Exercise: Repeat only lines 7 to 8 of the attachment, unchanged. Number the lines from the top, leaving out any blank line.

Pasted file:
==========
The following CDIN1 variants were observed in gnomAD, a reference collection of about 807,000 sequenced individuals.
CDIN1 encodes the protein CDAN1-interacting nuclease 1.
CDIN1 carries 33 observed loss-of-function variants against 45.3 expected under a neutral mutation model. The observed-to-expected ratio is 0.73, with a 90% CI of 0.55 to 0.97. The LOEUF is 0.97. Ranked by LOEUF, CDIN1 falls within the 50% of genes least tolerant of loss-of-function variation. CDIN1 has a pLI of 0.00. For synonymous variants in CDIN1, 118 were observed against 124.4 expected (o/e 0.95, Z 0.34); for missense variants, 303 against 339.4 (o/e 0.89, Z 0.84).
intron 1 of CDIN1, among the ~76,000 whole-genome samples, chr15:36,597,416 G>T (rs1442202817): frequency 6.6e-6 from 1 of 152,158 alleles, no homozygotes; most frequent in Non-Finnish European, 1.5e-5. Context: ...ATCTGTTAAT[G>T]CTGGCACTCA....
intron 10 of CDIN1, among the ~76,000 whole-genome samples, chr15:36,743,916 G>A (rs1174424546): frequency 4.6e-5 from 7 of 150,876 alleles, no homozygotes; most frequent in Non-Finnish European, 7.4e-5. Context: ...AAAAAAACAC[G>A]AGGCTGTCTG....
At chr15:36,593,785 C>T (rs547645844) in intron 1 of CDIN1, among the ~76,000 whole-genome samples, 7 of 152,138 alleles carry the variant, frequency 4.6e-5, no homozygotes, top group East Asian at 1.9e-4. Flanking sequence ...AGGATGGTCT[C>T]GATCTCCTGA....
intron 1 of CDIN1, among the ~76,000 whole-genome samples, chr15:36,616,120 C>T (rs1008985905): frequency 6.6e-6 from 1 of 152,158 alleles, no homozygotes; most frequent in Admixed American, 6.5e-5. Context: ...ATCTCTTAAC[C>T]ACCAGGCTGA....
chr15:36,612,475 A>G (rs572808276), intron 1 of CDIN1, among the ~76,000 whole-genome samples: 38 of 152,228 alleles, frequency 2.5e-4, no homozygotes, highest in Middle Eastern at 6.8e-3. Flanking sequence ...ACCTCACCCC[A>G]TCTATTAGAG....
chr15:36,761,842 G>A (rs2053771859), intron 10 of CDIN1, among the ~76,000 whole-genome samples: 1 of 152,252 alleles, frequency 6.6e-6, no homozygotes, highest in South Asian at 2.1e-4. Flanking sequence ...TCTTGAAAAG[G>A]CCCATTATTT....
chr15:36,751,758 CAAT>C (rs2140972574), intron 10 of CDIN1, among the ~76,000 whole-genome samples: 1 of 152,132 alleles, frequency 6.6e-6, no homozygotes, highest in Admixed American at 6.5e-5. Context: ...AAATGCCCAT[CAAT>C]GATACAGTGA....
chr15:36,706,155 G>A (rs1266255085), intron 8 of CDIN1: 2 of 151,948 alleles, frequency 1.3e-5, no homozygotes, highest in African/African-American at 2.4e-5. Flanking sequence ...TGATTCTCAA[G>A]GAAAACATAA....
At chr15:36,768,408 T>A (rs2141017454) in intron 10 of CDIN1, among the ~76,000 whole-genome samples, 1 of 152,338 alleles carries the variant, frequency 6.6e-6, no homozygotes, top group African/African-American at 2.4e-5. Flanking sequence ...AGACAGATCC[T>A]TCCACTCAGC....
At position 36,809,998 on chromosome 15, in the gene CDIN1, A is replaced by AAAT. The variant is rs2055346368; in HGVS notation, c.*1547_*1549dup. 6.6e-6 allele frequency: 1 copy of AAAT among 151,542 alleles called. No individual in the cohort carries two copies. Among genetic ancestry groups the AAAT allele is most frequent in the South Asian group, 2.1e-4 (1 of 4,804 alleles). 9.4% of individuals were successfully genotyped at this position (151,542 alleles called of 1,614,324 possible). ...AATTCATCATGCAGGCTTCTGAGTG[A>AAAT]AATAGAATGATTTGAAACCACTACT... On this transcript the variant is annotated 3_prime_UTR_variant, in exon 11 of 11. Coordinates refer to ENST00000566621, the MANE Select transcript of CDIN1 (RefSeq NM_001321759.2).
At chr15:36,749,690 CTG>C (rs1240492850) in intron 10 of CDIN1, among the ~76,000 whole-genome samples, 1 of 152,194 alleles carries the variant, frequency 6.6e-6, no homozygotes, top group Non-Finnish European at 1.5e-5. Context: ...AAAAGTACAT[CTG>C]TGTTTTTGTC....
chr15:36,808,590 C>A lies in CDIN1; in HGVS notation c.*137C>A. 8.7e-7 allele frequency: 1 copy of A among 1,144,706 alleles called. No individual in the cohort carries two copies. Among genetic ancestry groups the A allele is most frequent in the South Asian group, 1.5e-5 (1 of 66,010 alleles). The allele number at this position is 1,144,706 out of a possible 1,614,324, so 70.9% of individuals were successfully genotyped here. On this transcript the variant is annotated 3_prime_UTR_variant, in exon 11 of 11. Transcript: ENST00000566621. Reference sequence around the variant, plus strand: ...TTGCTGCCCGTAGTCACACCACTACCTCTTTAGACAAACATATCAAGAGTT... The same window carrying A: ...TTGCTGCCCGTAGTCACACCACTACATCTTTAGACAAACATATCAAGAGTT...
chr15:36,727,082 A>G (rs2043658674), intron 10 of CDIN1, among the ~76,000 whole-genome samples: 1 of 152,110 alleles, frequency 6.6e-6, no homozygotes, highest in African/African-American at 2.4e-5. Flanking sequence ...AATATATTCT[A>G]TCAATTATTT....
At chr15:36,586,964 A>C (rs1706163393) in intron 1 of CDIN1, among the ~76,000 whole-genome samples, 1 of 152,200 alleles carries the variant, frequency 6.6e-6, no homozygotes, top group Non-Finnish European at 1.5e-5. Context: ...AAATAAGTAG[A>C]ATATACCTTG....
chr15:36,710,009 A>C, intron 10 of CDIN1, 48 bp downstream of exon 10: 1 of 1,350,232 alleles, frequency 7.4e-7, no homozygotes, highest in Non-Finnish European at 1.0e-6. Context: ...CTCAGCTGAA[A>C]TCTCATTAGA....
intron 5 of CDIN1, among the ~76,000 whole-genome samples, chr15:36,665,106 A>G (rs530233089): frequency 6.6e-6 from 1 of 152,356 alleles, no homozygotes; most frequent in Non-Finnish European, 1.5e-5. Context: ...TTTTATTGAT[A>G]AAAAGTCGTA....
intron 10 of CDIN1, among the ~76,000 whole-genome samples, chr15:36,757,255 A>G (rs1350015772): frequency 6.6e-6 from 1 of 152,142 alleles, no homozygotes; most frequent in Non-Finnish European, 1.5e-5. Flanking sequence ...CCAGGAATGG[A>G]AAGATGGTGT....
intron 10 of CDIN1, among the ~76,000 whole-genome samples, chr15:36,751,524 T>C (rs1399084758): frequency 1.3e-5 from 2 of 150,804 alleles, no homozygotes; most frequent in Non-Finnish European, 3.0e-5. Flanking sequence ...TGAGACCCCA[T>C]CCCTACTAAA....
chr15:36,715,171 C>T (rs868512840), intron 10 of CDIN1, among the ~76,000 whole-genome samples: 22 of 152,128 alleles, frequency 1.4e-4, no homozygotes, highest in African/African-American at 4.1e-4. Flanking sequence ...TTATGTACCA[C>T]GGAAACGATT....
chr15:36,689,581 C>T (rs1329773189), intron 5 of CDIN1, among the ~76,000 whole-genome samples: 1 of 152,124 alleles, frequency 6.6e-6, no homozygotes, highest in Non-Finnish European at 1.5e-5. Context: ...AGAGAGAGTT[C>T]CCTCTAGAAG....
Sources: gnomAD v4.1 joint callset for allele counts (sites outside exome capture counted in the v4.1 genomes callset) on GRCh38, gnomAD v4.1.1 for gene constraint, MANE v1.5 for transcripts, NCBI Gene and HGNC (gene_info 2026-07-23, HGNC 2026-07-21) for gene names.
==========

intron 1 of CDIN1, among the ~76,000 whole-genome samples, chr15:36,616,120 C>T (rs1008985905): frequency 6.6e-6 from 1 of 152,158 alleles, no homozygotes; most frequent in Admixed American, 6.5e-5. Context: ...ATCTCTTAAC[C>T]ACCAGGCTGA....
chr15:36,612,475 A>G (rs572808276), intron 1 of CDIN1, among the ~76,000 whole-genome samples: 38 of 152,228 alleles, frequency 2.5e-4, no homozygotes, highest in Middle Eastern at 6.8e-3. Flanking sequence ...ACCTCACCCC[A>G]TCTATTAGAG....